502 Phil. 191

FIRST DIVISION

[ G.R. No. 157498, July 15, 2005 ]

FILIPINO METALS CORPORATION, MAXIMA STEEL MILLS CORPORATION, BUILDERS STEEL CORPORATION, UNICORN METAL CORPORATION, VENUS STEEL CORPORATION, LEGACY STEEL CORPORATION, PAG-ASA STEEL CORPORATION, MARTIAN* STEEL CORPORATION, LUNAR** STEEL CORPORATION, CEBU STEEL CORPORATION, CAPITOL STEEL CORPORATION, STEEL ASIA MANUFACTURING CORPORATION, AND GRAND ASIA CORPORATION, PETITIONERS, VS. SECRETARY OF THE DEPARTMENT OF TRADE AND INDUSTRY, SECRETARY OF THE DEPARTMENT OF AGRICULTURE, SECRETARY OF THE DEPARTMENT OF FINANCE, THE COMMISSIONER OF THE BUREAU OF CUSTOMS, AND THE CHAIRMAN OF THE TARIFF COMMISSION, RESPONDENTS.

DECISION

QUISUMBING, J.:

For review on certiorari is the Court of Appeals' Decision,[1] dated February 28, 2003, in CA-G.R. SP No. 67397, which set aside the Order[2] dated September 4, 2001 of the Regional Trial Court of Valenzuela City, Branch 172, in Civil Case No. 82-V-01.

The antecedent facts are as follows:

Petitioners are manufacturers of various steel products such as reinforcing bars, steel sections, and profiles.  The principal raw materials for these products are steel billets, which come in various chemical and physical compositions, sourced partly from domestic producers and partly from overseas suppliers.

The domestic suppliers supply only about 15% of the country's total requirements. These are made from various scraps containing impurities. They are of inferior quality compared to the imported ones made from virgin-ore materials. Thus, petitioners are compelled to import a bulk of their raw materials from foreign suppliers.

On July 17, 2000, Republic Act No. 8800[3] was enacted codifying the provisions of Article XIX of the General Agreement on Tariffs and Trade (GATT) and the World Trade Organization (WTO) Agreement on Safeguards. These agreements authorize the application of a safeguard measure if a product is being imported into the country in such quantities as would cause or threaten to cause serious injury to domestic producers of like or directly competitive products.

On April 6, 2001, petitioners filed with the Regional Trial Court of Valenzuela City, Branch 172, a petition for declaratory relief and/or certiorari and prohibition seeking to declare Rep. Act No. 8800 as unconstitutional.

The RTC judge, while holding in abeyance a ruling on the validity of Rep. Act No. 8800, found a strong case against the constitutionality of the said law sufficient to justify a preliminary injunctive relief. The dispositive portion of his questioned order reads:
WHEREFORE, upon the filing by the petitioners and petitioners in intervention of a bond in the amount of P10,000,000.00 to answer for whatever damages which the respondents and respondents in intervention may sustain by reason of the injunction if the Court should finally decide that the petitioners and petitioners in intervention were not entitled thereto, let a writ of preliminary injunction be issued restraining the respondents from enforcing Republic Act 8800 and/or its Implementing Rules and Regulations.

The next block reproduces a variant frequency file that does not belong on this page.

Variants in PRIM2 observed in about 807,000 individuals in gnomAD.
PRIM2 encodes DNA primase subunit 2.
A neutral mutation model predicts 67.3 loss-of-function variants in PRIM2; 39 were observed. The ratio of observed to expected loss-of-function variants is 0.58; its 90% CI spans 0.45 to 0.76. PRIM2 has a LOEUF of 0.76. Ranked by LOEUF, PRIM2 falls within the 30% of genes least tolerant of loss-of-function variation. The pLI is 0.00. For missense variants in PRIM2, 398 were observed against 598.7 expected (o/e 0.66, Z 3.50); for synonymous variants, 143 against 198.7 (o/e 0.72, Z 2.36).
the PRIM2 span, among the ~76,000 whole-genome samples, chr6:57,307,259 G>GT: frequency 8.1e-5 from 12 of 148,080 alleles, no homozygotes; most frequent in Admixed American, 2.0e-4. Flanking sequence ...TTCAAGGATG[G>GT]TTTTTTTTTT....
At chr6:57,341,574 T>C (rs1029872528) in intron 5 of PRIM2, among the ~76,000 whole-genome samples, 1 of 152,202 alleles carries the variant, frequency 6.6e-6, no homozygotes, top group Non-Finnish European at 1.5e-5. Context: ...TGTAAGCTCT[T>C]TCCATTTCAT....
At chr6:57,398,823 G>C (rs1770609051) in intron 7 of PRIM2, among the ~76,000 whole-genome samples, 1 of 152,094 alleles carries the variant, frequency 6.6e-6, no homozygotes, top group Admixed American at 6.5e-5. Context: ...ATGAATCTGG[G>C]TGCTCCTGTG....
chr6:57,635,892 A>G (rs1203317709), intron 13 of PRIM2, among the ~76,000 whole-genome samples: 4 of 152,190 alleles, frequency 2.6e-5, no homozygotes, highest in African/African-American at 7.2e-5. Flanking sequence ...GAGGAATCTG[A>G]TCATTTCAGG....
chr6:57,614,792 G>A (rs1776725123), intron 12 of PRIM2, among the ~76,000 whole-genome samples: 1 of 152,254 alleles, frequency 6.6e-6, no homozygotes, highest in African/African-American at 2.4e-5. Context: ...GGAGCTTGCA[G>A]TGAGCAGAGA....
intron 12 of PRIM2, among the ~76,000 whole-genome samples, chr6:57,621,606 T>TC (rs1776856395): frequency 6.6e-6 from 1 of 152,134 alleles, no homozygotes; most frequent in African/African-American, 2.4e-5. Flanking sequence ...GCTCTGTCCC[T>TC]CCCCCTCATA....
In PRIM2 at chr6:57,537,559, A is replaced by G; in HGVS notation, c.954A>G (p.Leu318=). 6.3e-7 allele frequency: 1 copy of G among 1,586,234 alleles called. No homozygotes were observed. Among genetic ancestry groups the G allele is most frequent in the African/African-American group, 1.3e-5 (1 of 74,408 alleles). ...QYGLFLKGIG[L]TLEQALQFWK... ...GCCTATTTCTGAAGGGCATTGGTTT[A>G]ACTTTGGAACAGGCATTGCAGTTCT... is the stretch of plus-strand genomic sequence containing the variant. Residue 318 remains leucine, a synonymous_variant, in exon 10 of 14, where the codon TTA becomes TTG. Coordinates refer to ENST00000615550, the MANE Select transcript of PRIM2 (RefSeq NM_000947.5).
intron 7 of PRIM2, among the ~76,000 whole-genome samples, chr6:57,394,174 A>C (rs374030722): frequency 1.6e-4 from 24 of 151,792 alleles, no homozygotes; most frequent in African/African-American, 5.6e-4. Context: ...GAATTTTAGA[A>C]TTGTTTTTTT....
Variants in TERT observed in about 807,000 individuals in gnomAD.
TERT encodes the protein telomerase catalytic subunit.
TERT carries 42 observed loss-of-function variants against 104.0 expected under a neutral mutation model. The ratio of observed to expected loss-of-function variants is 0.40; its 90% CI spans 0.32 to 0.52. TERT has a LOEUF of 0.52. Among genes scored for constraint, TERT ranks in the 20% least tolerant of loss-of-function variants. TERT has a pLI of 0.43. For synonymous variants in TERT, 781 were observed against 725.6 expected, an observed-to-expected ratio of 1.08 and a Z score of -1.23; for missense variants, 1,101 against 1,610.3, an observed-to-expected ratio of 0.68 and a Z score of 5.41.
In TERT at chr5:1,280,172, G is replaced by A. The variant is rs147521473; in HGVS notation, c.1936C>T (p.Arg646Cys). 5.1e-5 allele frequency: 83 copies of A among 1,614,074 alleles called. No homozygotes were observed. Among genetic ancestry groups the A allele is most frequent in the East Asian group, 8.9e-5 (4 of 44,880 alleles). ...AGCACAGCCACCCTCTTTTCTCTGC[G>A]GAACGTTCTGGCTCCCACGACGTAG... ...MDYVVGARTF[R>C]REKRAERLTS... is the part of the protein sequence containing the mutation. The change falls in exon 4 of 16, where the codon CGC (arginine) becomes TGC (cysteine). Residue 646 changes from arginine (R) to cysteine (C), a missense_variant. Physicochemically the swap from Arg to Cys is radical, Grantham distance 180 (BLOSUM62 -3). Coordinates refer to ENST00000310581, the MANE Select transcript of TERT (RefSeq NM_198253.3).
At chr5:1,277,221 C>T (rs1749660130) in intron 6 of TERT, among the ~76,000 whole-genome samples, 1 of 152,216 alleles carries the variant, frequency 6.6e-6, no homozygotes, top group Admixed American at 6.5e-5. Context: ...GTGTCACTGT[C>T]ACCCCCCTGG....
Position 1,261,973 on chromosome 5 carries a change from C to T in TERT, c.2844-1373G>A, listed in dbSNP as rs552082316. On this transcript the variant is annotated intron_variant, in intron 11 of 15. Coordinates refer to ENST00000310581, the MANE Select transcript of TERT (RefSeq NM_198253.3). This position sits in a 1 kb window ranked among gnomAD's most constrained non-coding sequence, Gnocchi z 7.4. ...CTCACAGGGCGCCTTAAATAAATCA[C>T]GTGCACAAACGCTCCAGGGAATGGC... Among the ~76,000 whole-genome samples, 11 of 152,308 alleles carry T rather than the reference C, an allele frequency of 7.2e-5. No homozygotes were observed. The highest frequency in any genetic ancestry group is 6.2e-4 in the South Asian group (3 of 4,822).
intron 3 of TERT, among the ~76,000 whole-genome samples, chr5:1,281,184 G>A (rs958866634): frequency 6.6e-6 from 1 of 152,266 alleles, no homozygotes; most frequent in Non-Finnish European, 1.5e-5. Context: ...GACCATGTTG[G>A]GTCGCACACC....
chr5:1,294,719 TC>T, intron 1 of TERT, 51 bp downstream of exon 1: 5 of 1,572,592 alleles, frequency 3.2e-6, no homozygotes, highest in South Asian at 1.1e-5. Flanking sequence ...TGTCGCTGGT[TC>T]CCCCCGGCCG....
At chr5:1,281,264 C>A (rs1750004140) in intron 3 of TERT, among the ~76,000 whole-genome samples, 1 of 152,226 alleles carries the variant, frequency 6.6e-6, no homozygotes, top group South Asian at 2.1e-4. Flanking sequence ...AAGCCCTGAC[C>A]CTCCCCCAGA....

SO ORDERED.[4]
Not satisfied, respondents filed a petition for certiorari with the Court of Appeals. In its assailed decision dated February 28, 2003, the appellate court concluded that the RTC judge committed grave abuse of discretion in issuing the writ of injunction. In reversing the trial court order, the Court of Appeals reasoned thus:
Questions on the constitutionality of the law [do not] necessarily entitle a movant to have the assailed law enjoined. It would seem that respondent Judge acted with undue haste in issuing the writ of preliminary injunction a quo, disregarding the well-settled presumption of validity that laws enjoy. . . .

.  .  .

. . . The private respondents' projected loss in business is not the clear legible (sic) right contemplated by the rules which shall be entitled to the protection of an injunctive relief.[5]
Aggrieved, petitioners now come to this Court on a petition for review raising the following issues:

A.
WHETHER OR NOT THE COURT OF APPEALS COMMITTED A REVERSIBLE [ERROR] WHEN IT REVERSED AND SET ASIDE THE 4 SEPTEMBER 2001 ORDER OF THE REGIONAL TRIAL COURT OF VALENZUELA, THUS DISSOLVING THE WRIT OF PRELIMINARY INJUNCTION ENJOINING PUBLIC RESPONDENTS FROM IMPLEMENTING R.A. 8800, CONSIDERING THAT PETITIONERS HAVE MADE OUT A CASE OF UNCONSTITUTIONALITY STRONG ENOUGH TO OVERCOME THE PRESUMPTION OF CONSTITUTIONALITY OF R.A. 8800 FOR THE PURPOSE OF ISSUING A WRIT OF PRELIMINARY INJUNCTION.

B.

WHETHER OR NOT THE VIOLATION OF WTO AGREEMENTS WAS PROPERLY RAISED AS AN ISSUE IN THE TRIAL COURT LEVEL AS A GROUND FOR THE UNCONSTITUTIONALITY OF R.A. 8800.

C.

WHETHER OR NOT PETITIONERS HAVE ADEQUATELY SHOWN A CLEAR RIGHT TO INJUNCTIVE RELIEF.

D.

WHETHER OR NOT THE COURT OF APPEALS COMMITTED REVERSIBLE ERROR WHEN IT FAILED TO DISMISS THE THIRD PETITION (C.A.-G.R. S.P. No. 67397) FILED BY PUBLIC RESPONDENTS WITH THE COURT OF APPEALS.[6]